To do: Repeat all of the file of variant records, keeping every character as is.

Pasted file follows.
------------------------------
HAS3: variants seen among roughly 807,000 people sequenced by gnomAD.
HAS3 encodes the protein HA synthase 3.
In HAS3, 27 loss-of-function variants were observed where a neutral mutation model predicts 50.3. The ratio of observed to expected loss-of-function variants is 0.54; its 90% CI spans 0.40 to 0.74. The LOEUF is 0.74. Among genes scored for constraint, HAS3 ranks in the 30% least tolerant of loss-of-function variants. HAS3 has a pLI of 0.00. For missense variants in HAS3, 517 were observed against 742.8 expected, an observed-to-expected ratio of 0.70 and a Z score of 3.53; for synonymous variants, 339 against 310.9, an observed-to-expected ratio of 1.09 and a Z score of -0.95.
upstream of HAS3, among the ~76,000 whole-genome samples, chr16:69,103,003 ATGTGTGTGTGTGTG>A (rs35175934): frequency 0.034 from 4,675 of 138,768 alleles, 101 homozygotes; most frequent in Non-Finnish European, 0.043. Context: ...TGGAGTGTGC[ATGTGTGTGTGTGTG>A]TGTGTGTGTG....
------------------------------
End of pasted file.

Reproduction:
HAS3: variants seen among roughly 807,000 people sequenced by gnomAD.
HAS3 encodes the protein HA synthase 3.
In HAS3, 27 loss-of-function variants were observed where a neutral mutation model predicts 50.3. The ratio of observed to expected loss-of-function variants is 0.54; its 90% CI spans 0.40 to 0.74. The LOEUF is 0.74. Among genes scored for constraint, HAS3 ranks in the 30% least tolerant of loss-of-function variants. HAS3 has a pLI of 0.00. For missense variants in HAS3, 517 were observed against 742.8 expected, an observed-to-expected ratio of 0.70 and a Z score of 3.53; for synonymous variants, 339 against 310.9, an observed-to-expected ratio of 1.09 and a Z score of -0.95.
upstream of HAS3, among the ~76,000 whole-genome samples, chr16:69,103,003 ATGTGTGTGTGTGTG>A (rs35175934): frequency 0.034 from 4,675 of 138,768 alleles, 101 homozygotes; most frequent in Non-Finnish European, 0.043. Context: ...TGGAGTGTGC[ATGTGTGTGTGTGTG>A]TGTGTGTGTG....